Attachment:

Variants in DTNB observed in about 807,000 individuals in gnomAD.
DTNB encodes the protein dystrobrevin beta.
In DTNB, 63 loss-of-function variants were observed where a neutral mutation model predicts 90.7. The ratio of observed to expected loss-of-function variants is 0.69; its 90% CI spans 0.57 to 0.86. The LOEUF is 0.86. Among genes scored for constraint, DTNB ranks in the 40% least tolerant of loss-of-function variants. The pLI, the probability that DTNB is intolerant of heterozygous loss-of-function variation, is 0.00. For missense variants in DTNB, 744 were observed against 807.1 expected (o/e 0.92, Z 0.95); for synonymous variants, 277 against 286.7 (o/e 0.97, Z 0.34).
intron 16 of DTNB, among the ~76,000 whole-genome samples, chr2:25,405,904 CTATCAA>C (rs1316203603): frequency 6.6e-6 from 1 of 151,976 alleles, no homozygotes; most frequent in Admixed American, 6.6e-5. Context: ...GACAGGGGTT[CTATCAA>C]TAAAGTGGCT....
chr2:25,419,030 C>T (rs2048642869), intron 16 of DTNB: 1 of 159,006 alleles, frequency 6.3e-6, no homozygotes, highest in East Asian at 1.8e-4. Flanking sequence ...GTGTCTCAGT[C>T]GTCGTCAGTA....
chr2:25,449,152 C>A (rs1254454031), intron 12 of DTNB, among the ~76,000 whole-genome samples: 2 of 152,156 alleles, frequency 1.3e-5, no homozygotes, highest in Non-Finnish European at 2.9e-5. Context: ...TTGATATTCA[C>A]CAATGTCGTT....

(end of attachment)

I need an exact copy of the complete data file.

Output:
Variants in DTNB observed in about 807,000 individuals in gnomAD.
DTNB encodes the protein dystrobrevin beta.
In DTNB, 63 loss-of-function variants were observed where a neutral mutation model predicts 90.7. The ratio of observed to expected loss-of-function variants is 0.69; its 90% CI spans 0.57 to 0.86. The LOEUF is 0.86. Among genes scored for constraint, DTNB ranks in the 40% least tolerant of loss-of-function variants. The pLI, the probability that DTNB is intolerant of heterozygous loss-of-function variation, is 0.00. For missense variants in DTNB, 744 were observed against 807.1 expected (o/e 0.92, Z 0.95); for synonymous variants, 277 against 286.7 (o/e 0.97, Z 0.34).
intron 16 of DTNB, among the ~76,000 whole-genome samples, chr2:25,405,904 CTATCAA>C (rs1316203603): frequency 6.6e-6 from 1 of 151,976 alleles, no homozygotes; most frequent in Admixed American, 6.6e-5. Context: ...GACAGGGGTT[CTATCAA>C]TAAAGTGGCT....
chr2:25,419,030 C>T (rs2048642869), intron 16 of DTNB: 1 of 159,006 alleles, frequency 6.3e-6, no homozygotes, highest in East Asian at 1.8e-4. Flanking sequence ...GTGTCTCAGT[C>T]GTCGTCAGTA....
chr2:25,449,152 C>A (rs1254454031), intron 12 of DTNB, among the ~76,000 whole-genome samples: 2 of 152,156 alleles, frequency 1.3e-5, no homozygotes, highest in Non-Finnish European at 2.9e-5. Context: ...TTGATATTCA[C>A]CAATGTCGTT....